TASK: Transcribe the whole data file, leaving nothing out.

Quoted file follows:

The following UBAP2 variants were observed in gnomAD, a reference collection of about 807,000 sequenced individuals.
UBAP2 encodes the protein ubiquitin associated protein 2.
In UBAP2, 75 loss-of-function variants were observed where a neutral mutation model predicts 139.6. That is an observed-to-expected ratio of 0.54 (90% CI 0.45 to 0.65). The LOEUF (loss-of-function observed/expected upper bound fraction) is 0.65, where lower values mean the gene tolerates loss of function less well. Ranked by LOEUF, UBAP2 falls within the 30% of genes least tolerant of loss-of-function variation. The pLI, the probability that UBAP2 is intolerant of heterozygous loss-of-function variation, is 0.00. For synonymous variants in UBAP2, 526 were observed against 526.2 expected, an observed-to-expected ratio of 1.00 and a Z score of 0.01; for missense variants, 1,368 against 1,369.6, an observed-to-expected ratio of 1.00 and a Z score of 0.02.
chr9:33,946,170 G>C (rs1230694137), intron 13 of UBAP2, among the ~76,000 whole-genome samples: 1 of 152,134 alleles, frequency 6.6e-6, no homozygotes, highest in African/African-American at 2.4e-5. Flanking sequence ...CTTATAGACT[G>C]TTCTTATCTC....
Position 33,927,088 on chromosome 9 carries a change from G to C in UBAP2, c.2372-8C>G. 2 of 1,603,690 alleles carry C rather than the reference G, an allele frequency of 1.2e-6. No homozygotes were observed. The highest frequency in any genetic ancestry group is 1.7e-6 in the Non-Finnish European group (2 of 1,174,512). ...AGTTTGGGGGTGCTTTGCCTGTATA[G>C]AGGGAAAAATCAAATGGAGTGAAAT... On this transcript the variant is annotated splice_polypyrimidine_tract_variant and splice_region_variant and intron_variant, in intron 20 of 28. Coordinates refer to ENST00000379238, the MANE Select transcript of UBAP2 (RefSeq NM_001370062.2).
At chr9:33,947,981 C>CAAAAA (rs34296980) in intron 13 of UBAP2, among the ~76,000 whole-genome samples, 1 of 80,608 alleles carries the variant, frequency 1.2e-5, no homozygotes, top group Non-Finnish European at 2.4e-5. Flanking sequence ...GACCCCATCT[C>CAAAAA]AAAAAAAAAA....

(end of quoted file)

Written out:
The following UBAP2 variants were observed in gnomAD, a reference collection of about 807,000 sequenced individuals.
UBAP2 encodes the protein ubiquitin associated protein 2.
In UBAP2, 75 loss-of-function variants were observed where a neutral mutation model predicts 139.6. That is an observed-to-expected ratio of 0.54 (90% CI 0.45 to 0.65). The LOEUF (loss-of-function observed/expected upper bound fraction) is 0.65, where lower values mean the gene tolerates loss of function less well. Ranked by LOEUF, UBAP2 falls within the 30% of genes least tolerant of loss-of-function variation. The pLI, the probability that UBAP2 is intolerant of heterozygous loss-of-function variation, is 0.00. For synonymous variants in UBAP2, 526 were observed against 526.2 expected, an observed-to-expected ratio of 1.00 and a Z score of 0.01; for missense variants, 1,368 against 1,369.6, an observed-to-expected ratio of 1.00 and a Z score of 0.02.
chr9:33,946,170 G>C (rs1230694137), intron 13 of UBAP2, among the ~76,000 whole-genome samples: 1 of 152,134 alleles, frequency 6.6e-6, no homozygotes, highest in African/African-American at 2.4e-5. Flanking sequence ...CTTATAGACT[G>C]TTCTTATCTC....
Position 33,927,088 on chromosome 9 carries a change from G to C in UBAP2, c.2372-8C>G. 2 of 1,603,690 alleles carry C rather than the reference G, an allele frequency of 1.2e-6. No homozygotes were observed. The highest frequency in any genetic ancestry group is 1.7e-6 in the Non-Finnish European group (2 of 1,174,512). ...AGTTTGGGGGTGCTTTGCCTGTATA[G>C]AGGGAAAAATCAAATGGAGTGAAAT... On this transcript the variant is annotated splice_polypyrimidine_tract_variant and splice_region_variant and intron_variant, in intron 20 of 28. Coordinates refer to ENST00000379238, the MANE Select transcript of UBAP2 (RefSeq NM_001370062.2).
At chr9:33,947,981 C>CAAAAA (rs34296980) in intron 13 of UBAP2, among the ~76,000 whole-genome samples, 1 of 80,608 alleles carries the variant, frequency 1.2e-5, no homozygotes, top group Non-Finnish European at 2.4e-5. Flanking sequence ...GACCCCATCT[C>CAAAAA]AAAAAAAAAA....